After one long flight and a three hour ride from the Thessaloniki airport, I finally made it to the small town of Pagouria, located near the closest city of Komotini, Greece in order to participate in an excavation of the supposed site of ancient Stryme, a port of trade for those crossing the Aegean. The bus ride to our residence was especially beautiful, as we are located near the coast of Northeastern Greece, the Mediterranean on one side and picturesque mountains flanking the other. We’re surrounded by farmland here as well. Pagouria is a pleasant town, with small cafes, charming markets, local churches and schools, and curious and welcoming people. The actual archaeological site, Stryme, at which we work at is about 10 minutes away, a short bus ride.
Earlier, on my first full day here I was sitting in our backyard when an older woman, who lives next door with her husband, calls me over to our fence. She hands me a foil covered plate and says something in Greek, and then for my benefit says in English, “Cake, for you!” She had baked a cake for those of us living in the schoolhouse of Pagouria for the next few weeks, as a welcome to the town. I feel bad that she encountered me, who is one of the few here who doesn’t know at least minimal Greek, not enough even to hold a conversation, so all I could keep telling her was “Ευχαριστώ, Ευχαριστώ (efcharisto), (efcharisto)… thank you, thank you!” Other residents have also stopped by to offer their hospitality, inquiring about our time here and the project.
This woman’s gesture though really says a lot about the people of this town, how welcoming they are, and how they truly want to take part in this effort as a team, as a synergasia, an important theme and goal of this excavation. This week we have and through the whole project we will be working with Greek people in the field and eating lunch with them. We have invited locals to come by and take a look at our finds we are uncovering in nearby Stryme. The Greek people were the ones who prepared our living space in the schoolhouse, furnishing the rooms, painting the walls, installing a washer, and a few women come in to prepare meals for the team. Some Greek workers are also employed through the process and work on site with us. In this way, we also get the opportunity to learn from each other, not only each other’s languages, but how to communicate despite them. With this cooperation, we hope to uncover important aspects of the country’s ancient history and forge future collaborative efforts.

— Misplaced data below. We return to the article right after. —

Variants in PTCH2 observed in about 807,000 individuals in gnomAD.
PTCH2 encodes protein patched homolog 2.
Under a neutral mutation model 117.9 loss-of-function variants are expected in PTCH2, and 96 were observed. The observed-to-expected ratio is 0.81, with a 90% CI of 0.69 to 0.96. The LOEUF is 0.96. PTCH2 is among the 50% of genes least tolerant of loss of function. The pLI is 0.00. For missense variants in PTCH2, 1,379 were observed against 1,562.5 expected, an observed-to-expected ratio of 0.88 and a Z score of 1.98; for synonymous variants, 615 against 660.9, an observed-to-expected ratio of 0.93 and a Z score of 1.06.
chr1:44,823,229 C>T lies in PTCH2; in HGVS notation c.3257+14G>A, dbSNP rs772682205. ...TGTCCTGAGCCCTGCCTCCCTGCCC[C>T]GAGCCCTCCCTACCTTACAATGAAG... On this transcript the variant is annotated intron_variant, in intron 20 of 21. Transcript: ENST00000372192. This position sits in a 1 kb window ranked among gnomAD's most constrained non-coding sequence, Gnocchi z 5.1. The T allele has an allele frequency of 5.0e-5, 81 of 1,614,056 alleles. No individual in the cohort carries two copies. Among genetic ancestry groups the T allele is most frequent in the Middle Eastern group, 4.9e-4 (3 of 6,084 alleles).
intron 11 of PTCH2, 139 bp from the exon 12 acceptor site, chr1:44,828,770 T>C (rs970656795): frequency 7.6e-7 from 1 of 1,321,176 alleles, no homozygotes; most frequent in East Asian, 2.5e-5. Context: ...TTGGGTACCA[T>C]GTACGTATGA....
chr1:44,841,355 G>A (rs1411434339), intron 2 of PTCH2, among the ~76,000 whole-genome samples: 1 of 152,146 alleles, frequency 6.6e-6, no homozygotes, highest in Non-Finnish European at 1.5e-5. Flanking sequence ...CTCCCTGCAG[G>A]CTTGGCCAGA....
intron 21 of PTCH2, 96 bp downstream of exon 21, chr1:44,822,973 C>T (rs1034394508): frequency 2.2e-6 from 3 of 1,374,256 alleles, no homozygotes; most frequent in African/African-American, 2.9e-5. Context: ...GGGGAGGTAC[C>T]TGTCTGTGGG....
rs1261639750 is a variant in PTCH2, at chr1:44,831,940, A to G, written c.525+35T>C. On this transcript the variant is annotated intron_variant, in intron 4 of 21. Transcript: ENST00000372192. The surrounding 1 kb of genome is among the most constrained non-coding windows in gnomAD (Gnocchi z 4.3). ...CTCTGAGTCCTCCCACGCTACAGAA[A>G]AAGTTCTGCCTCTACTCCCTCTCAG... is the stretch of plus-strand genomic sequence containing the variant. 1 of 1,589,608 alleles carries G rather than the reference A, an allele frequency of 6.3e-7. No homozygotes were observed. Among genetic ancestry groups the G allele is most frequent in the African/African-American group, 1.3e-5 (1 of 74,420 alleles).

On our first day of digging we had to clear out a lot of backfill, laid in the trenches at the end of excavations in the late 1990s, to uncover plastic covered excavated walls and other features. In other parts we were clearing the hay covered ground to begin new trenches.
I worked on both projects but the latter was very interesting, as the trench we had begun is thought to cover a boulevard or crossroads in front of the town. We cleared most of the weeds and hay and began to cut into the earth, marking the boundaries of the trench and removing some of the topsoil. In addition to digging, any dirt that comes up needs to be sifted with a sieve and dumped away from the sight. In this method we found quite a lot of pottery sherds throughout the first week, plain and with black and red slip, some showing signs of being handles or bases, a decorative antefix, glass fragments, and even a couple of ancient coins!
So far we are off to a great start, with only a few rainy days that deterred our digging, and hopefully the excavation will progress and continue to generate a productive experience for all involved.